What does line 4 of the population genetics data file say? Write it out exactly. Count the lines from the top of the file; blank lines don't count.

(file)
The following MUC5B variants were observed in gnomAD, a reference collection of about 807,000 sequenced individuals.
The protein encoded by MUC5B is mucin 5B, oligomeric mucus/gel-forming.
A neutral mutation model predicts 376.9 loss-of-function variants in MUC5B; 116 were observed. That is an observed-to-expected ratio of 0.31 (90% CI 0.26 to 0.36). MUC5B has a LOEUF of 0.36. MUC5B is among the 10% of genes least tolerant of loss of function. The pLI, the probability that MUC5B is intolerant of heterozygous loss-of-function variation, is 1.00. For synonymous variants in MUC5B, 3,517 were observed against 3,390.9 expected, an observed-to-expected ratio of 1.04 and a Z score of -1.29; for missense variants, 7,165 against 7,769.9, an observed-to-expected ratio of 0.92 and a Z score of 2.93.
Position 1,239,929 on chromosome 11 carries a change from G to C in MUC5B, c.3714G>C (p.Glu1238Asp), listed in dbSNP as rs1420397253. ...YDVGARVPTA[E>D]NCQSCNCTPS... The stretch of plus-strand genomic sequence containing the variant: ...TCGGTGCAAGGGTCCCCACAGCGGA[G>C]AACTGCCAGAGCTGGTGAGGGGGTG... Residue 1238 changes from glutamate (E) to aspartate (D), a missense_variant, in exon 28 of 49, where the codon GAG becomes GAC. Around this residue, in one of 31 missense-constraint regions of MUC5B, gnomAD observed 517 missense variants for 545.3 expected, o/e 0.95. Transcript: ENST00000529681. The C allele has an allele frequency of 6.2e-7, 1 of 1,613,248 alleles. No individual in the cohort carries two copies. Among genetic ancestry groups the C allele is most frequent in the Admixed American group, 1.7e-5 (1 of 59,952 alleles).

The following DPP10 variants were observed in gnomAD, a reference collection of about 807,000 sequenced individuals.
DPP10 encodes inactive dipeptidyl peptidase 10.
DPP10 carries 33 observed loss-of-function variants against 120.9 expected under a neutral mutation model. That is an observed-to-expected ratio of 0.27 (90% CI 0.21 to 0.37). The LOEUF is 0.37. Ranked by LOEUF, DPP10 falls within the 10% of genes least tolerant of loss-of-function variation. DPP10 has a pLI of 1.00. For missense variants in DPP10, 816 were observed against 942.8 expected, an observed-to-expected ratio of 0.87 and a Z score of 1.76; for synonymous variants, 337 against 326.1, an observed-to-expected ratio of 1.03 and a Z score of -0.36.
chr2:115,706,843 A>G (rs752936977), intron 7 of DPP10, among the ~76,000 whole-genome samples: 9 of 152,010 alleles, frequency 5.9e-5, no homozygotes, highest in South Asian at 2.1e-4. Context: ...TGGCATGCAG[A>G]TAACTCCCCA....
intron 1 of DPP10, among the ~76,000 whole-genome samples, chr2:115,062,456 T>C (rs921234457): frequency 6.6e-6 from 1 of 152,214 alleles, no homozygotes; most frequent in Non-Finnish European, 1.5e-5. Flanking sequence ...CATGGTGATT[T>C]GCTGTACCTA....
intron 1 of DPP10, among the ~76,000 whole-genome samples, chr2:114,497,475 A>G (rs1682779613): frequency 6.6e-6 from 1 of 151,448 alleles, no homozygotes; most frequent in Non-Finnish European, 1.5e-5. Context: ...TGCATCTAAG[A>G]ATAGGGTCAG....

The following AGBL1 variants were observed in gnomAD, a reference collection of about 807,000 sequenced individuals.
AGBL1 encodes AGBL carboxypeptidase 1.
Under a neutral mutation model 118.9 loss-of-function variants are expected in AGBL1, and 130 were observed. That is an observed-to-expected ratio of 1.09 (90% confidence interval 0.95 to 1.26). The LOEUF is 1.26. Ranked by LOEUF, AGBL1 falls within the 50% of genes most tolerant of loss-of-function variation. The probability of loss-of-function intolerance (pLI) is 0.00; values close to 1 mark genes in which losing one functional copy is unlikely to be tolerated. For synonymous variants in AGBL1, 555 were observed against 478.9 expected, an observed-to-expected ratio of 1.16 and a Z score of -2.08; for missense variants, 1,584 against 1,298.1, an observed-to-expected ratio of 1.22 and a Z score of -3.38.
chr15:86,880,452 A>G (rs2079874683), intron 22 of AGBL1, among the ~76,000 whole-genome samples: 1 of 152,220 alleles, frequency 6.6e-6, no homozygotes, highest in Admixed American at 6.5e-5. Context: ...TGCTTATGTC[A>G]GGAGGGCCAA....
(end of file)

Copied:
Position 1,239,929 on chromosome 11 carries a change from G to C in MUC5B, c.3714G>C (p.Glu1238Asp), listed in dbSNP as rs1420397253. ...YDVGARVPTA[E>D]NCQSCNCTPS... The stretch of plus-strand genomic sequence containing the variant: ...TCGGTGCAAGGGTCCCCACAGCGGA[G>C]AACTGCCAGAGCTGGTGAGGGGGTG... Residue 1238 changes from glutamate (E) to aspartate (D), a missense_variant, in exon 28 of 49, where the codon GAG becomes GAC. Around this residue, in one of 31 missense-constraint regions of MUC5B, gnomAD observed 517 missense variants for 545.3 expected, o/e 0.95. Transcript: ENST00000529681. The C allele has an allele frequency of 6.2e-7, 1 of 1,613,248 alleles. No individual in the cohort carries two copies. Among genetic ancestry groups the C allele is most frequent in the Admixed American group, 1.7e-5 (1 of 59,952 alleles).